For health professionals: Malaria
Get detailed information on malaria for health professionals.
On this page
What health professionals need to know about malaria
Malaria is an infection by a parasite of the genus Plasmodium. 5 of the different species of parasites within this genus are infectious in humans. They are:
- Plasmodium falciparum
- Plasmodium vivax
- Plasmodium malariae
- Plasmodium ovale
- Plasmodium knowlesi
P. falciparum and P. vivax are the 2 species that pose the greatest threat. P. falciparum is the most prevalent malaria parasite on the African continent. It is responsible for most malaria-related deaths globally. P. vivax has a wider distribution than P. falciparum, and predominates in many countries outside of Africa.
The infection is initiated when Plasmodium sporozoites are injected by the bite of a female mosquito of the Anopheles genus.
Transmission can occur rarely by:
- blood transfusion
- sharing needles
- from mother to fetus (congenital malaria)
The majority of deaths due to malaria are preventable with early diagnosis and treatment.
Nationally notifiable disease
Malaria is a nationally notifiable disease in all provinces and territories.
Cases are reported to:
- provincial or territorial departments of health
- the federal government, if they meet the national case definition
The first clinical symptoms are non-specific.
After being bitten by an infected mosquito, malaria symptoms can appear as early as 7 days or more.
Symptoms usually present in 10 to 15 days after infection. The classical malaria paroxysm is rare, and has symptoms occurring at regular intervals, such as:
- fever spikes
- chills and rigours
Many clinical abnormalities have been described in acute malaria. Most uncomplicated infections have few abnormal findings other than:
- mild anemia
- a palpable spleen (in some cases)
Symptoms commonly wax and wane.
It is possible to contract more than 1 strain of malaria without the signs and symptoms being distinguishable for individual strains.
The literature suggests that:
- infection with Plasmodium falciparum is potentially fatal
- for the other infections, certain persons could experience serious consequences from:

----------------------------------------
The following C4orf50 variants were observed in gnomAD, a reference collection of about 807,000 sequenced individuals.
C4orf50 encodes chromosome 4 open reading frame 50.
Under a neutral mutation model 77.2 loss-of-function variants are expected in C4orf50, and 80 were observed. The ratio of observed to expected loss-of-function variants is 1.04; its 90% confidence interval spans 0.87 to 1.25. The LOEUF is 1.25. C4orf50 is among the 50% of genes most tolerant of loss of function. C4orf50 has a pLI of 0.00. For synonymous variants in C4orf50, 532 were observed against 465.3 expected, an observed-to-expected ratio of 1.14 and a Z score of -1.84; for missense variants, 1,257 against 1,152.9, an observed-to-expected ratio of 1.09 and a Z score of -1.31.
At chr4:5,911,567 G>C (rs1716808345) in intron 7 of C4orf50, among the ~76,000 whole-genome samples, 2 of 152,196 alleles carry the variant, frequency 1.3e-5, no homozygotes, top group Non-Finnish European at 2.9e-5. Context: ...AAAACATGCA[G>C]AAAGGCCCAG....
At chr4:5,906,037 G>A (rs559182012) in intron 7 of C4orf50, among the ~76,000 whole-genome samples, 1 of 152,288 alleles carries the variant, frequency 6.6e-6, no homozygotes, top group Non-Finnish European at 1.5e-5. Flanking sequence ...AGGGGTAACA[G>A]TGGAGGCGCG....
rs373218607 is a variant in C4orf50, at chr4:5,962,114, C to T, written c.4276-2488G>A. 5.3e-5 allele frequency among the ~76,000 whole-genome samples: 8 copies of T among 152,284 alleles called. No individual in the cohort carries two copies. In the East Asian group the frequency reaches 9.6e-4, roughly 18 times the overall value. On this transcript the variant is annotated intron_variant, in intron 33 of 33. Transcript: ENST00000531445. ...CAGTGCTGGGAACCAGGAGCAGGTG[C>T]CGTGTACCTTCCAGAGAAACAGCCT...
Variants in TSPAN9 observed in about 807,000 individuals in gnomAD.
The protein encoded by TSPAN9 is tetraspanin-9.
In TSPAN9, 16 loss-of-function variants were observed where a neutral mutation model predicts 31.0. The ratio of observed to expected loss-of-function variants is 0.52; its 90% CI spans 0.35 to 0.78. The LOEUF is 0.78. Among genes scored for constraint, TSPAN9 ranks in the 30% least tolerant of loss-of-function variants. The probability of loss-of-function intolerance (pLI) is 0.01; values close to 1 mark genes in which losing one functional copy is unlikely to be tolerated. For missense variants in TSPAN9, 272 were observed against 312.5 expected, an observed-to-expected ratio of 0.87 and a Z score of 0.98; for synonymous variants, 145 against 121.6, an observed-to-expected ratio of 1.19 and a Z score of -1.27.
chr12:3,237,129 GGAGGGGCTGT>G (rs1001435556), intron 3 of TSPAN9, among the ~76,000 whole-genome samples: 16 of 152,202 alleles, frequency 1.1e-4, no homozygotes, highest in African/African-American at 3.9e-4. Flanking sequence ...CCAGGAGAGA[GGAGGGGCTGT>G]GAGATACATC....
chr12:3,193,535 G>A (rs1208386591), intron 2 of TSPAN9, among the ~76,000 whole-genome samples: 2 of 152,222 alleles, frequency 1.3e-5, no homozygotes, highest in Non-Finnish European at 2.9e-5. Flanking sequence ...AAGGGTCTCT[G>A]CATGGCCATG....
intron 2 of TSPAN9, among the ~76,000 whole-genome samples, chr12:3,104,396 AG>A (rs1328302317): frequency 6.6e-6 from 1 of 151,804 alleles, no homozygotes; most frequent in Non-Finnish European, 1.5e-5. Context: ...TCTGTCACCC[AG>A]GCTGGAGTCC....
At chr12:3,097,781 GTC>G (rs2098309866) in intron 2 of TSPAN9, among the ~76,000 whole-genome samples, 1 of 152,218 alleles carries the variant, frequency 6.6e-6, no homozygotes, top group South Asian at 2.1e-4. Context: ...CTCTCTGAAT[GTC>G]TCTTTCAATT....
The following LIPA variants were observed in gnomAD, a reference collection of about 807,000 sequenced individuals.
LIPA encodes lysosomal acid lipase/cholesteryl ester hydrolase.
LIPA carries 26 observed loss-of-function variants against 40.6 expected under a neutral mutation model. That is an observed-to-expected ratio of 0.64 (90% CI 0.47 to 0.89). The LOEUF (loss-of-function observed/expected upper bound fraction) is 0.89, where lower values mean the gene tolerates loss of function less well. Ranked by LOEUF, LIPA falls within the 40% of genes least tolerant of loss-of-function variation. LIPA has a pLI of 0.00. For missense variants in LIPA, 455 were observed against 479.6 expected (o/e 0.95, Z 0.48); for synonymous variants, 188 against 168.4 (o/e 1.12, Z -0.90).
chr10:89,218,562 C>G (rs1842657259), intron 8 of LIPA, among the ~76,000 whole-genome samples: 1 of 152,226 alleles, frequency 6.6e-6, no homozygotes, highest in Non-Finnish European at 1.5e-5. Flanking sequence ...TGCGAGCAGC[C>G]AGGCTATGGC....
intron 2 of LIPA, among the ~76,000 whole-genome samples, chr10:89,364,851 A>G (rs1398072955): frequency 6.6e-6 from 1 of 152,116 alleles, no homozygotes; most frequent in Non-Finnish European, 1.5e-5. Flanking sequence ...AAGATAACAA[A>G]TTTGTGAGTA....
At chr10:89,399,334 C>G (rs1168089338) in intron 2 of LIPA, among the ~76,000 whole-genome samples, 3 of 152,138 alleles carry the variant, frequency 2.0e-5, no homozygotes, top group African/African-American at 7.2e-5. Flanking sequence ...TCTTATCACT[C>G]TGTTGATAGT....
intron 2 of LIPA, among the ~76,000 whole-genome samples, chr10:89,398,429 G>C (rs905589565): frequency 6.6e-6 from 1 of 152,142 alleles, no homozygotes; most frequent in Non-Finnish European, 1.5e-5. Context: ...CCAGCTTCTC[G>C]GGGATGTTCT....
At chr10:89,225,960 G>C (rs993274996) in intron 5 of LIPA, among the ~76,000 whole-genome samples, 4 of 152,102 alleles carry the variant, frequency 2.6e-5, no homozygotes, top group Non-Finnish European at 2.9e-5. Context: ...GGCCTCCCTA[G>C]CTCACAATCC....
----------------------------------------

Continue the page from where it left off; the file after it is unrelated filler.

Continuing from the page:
- risk of spontaneous splenic rupture
For all malaria cases, clinical assessment should be carried out daily until the fever ends.
A stained blood test for malaria with thick and thin smears should be obtained.
|Clinical manifestation||Laboratory results|
|Prostration or impaired consciousness||Severe anemia in children less than 12 years of age: Hb less than or equal to 5 g/dl or hematocrit of less than or equal to 15%
In adults: Hb less than 7 g/dL and hematocrit less than 20%
|Respiratory distress||Hypoglycemia (blood glucose less than 2.2 mmol/L)|
|Multiple convulsions||Acidosis (arterial pH less than 7.25 or bicarbonate less than 15 mmol/L)|
|Circulatory collapse||Renal impairment (creatinine greater than 265 umol/L)|
|Pulmonary edema (radiological)||Hyperlactatemia|
|Abnormal bleeding||Hyperparasitemia (greater than 10%)|
|Jaundice||Total bilirubin greater than 50 µmol/L|
Patients are classified as suffering from severe malaria if they have both of these conditions:
- Plasmodium falciparum asexual parasitemia and no other obvious cause of symptoms
- the presence of 1 or more of the clinical or laboratory features in the above table
A timely (within 2 hours) parasitology laboratory result is essential for the effective management of malaria.
If symptoms recur in Plasmodium falciparum cases, carry out repeat malaria smears at day 7 and 28 to ensure sustained clearance.
The diagnosis of malaria (resolved) could be considered if:
- the condition is no longer present
- the patient has a history of malaria
The initial management of the patient depends on many factors, including the: